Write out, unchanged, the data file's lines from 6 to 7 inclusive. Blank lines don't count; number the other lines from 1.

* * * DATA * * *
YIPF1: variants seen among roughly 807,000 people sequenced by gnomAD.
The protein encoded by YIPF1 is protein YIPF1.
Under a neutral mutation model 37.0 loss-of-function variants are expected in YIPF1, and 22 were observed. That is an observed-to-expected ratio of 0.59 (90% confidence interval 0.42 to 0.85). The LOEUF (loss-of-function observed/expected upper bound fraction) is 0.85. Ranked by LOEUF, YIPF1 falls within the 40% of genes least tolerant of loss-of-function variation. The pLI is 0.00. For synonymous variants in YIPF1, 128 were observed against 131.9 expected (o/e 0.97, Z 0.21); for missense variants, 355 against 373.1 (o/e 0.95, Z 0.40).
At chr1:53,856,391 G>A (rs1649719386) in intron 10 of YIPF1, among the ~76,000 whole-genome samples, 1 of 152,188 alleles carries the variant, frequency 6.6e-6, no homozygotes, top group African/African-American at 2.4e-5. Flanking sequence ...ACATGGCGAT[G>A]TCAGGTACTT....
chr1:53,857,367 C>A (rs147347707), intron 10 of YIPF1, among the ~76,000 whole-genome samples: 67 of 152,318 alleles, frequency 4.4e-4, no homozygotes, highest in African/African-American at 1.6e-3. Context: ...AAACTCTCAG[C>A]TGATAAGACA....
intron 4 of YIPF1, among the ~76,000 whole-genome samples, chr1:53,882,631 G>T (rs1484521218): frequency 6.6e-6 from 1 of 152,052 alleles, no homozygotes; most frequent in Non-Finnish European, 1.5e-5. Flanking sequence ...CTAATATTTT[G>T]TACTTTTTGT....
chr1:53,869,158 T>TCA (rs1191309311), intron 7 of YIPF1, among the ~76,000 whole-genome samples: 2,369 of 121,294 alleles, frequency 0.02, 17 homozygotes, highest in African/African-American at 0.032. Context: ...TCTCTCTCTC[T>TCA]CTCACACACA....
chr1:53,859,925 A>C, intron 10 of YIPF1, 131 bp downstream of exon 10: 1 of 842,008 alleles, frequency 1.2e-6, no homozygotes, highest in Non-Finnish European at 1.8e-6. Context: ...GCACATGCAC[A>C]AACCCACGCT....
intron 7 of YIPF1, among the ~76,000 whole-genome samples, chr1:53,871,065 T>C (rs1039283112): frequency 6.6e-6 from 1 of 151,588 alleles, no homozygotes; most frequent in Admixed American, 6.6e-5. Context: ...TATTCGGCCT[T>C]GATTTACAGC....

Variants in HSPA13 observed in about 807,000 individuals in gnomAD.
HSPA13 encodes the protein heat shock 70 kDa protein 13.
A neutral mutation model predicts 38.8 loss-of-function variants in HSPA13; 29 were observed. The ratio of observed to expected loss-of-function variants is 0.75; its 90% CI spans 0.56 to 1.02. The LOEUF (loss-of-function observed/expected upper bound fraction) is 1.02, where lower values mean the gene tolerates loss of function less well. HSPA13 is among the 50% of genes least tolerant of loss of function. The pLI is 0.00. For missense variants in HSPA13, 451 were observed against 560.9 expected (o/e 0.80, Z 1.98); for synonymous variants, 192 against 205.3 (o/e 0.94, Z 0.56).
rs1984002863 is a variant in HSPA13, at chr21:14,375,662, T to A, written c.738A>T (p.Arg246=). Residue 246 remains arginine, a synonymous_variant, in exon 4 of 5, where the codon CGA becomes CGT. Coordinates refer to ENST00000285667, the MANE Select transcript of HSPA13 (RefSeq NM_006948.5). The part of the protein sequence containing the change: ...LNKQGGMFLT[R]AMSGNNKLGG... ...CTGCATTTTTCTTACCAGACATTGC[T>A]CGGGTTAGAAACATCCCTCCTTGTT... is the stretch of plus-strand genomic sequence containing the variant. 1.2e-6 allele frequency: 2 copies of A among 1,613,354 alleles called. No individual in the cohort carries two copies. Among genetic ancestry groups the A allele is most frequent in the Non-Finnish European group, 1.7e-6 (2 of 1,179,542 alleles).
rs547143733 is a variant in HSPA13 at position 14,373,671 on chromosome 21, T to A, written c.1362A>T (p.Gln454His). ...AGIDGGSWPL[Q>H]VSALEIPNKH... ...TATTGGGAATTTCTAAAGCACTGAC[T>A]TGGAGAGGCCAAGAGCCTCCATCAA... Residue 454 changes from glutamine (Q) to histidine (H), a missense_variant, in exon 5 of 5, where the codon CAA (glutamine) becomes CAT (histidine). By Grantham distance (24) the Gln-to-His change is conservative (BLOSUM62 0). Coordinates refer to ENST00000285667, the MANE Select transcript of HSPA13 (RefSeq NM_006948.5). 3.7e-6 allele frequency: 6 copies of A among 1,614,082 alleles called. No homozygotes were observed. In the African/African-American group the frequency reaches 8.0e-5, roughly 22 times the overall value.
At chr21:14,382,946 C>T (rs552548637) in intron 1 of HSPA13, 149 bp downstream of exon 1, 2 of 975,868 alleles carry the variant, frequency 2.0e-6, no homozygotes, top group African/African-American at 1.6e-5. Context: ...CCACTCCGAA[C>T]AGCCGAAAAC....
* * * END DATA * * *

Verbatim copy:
intron 4 of YIPF1, among the ~76,000 whole-genome samples, chr1:53,882,631 G>T (rs1484521218): frequency 6.6e-6 from 1 of 152,052 alleles, no homozygotes; most frequent in Non-Finnish European, 1.5e-5. Flanking sequence ...CTAATATTTT[G>T]TACTTTTTGT....
chr1:53,869,158 T>TCA (rs1191309311), intron 7 of YIPF1, among the ~76,000 whole-genome samples: 2,369 of 121,294 alleles, frequency 0.02, 17 homozygotes, highest in African/African-American at 0.032. Context: ...TCTCTCTCTC[T>TCA]CTCACACACA....